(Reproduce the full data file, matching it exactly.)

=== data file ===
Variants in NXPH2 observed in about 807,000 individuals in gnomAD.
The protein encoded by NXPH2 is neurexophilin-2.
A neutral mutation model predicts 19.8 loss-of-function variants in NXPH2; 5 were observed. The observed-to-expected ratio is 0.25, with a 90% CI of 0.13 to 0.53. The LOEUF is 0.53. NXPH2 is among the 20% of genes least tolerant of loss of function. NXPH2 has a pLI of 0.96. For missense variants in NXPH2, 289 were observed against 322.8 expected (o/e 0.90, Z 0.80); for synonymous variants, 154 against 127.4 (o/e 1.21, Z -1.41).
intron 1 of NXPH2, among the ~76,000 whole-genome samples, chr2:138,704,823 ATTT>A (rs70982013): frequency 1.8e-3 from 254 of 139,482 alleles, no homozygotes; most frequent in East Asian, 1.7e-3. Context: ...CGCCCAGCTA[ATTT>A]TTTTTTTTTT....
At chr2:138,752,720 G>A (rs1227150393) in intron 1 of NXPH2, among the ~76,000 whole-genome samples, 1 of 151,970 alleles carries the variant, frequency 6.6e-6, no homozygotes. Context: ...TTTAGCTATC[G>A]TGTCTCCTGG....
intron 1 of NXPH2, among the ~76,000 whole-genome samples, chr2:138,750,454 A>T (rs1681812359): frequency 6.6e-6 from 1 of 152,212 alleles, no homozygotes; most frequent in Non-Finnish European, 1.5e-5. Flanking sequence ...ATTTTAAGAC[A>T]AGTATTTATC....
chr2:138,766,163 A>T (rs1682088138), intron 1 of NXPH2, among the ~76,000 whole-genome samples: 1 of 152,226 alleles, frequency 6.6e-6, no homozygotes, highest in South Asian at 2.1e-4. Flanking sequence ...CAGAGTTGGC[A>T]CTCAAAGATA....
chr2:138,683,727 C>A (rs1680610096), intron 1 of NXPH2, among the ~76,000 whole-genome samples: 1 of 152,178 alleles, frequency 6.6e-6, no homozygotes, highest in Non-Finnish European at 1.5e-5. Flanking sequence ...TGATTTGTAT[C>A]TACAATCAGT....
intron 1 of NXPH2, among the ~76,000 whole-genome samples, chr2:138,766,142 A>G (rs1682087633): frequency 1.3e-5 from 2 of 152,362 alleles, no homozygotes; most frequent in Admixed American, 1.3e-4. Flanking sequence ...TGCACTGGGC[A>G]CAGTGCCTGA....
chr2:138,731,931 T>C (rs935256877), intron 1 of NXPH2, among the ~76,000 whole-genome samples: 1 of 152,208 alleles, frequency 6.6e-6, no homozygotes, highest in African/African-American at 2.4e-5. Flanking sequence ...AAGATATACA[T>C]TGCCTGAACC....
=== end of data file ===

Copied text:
Variants in NXPH2 observed in about 807,000 individuals in gnomAD.
The protein encoded by NXPH2 is neurexophilin-2.
A neutral mutation model predicts 19.8 loss-of-function variants in NXPH2; 5 were observed. The observed-to-expected ratio is 0.25, with a 90% CI of 0.13 to 0.53. The LOEUF is 0.53. NXPH2 is among the 20% of genes least tolerant of loss of function. NXPH2 has a pLI of 0.96. For missense variants in NXPH2, 289 were observed against 322.8 expected (o/e 0.90, Z 0.80); for synonymous variants, 154 against 127.4 (o/e 1.21, Z -1.41).
intron 1 of NXPH2, among the ~76,000 whole-genome samples, chr2:138,704,823 ATTT>A (rs70982013): frequency 1.8e-3 from 254 of 139,482 alleles, no homozygotes; most frequent in East Asian, 1.7e-3. Context: ...CGCCCAGCTA[ATTT>A]TTTTTTTTTT....
At chr2:138,752,720 G>A (rs1227150393) in intron 1 of NXPH2, among the ~76,000 whole-genome samples, 1 of 151,970 alleles carries the variant, frequency 6.6e-6, no homozygotes. Context: ...TTTAGCTATC[G>A]TGTCTCCTGG....
intron 1 of NXPH2, among the ~76,000 whole-genome samples, chr2:138,750,454 A>T (rs1681812359): frequency 6.6e-6 from 1 of 152,212 alleles, no homozygotes; most frequent in Non-Finnish European, 1.5e-5. Flanking sequence ...ATTTTAAGAC[A>T]AGTATTTATC....
chr2:138,766,163 A>T (rs1682088138), intron 1 of NXPH2, among the ~76,000 whole-genome samples: 1 of 152,226 alleles, frequency 6.6e-6, no homozygotes, highest in South Asian at 2.1e-4. Flanking sequence ...CAGAGTTGGC[A>T]CTCAAAGATA....
chr2:138,683,727 C>A (rs1680610096), intron 1 of NXPH2, among the ~76,000 whole-genome samples: 1 of 152,178 alleles, frequency 6.6e-6, no homozygotes, highest in Non-Finnish European at 1.5e-5. Flanking sequence ...TGATTTGTAT[C>A]TACAATCAGT....
intron 1 of NXPH2, among the ~76,000 whole-genome samples, chr2:138,766,142 A>G (rs1682087633): frequency 1.3e-5 from 2 of 152,362 alleles, no homozygotes; most frequent in Admixed American, 1.3e-4. Flanking sequence ...TGCACTGGGC[A>G]CAGTGCCTGA....
chr2:138,731,931 T>C (rs935256877), intron 1 of NXPH2, among the ~76,000 whole-genome samples: 1 of 152,208 alleles, frequency 6.6e-6, no homozygotes, highest in African/African-American at 2.4e-5. Flanking sequence ...AAGATATACA[T>C]TGCCTGAACC....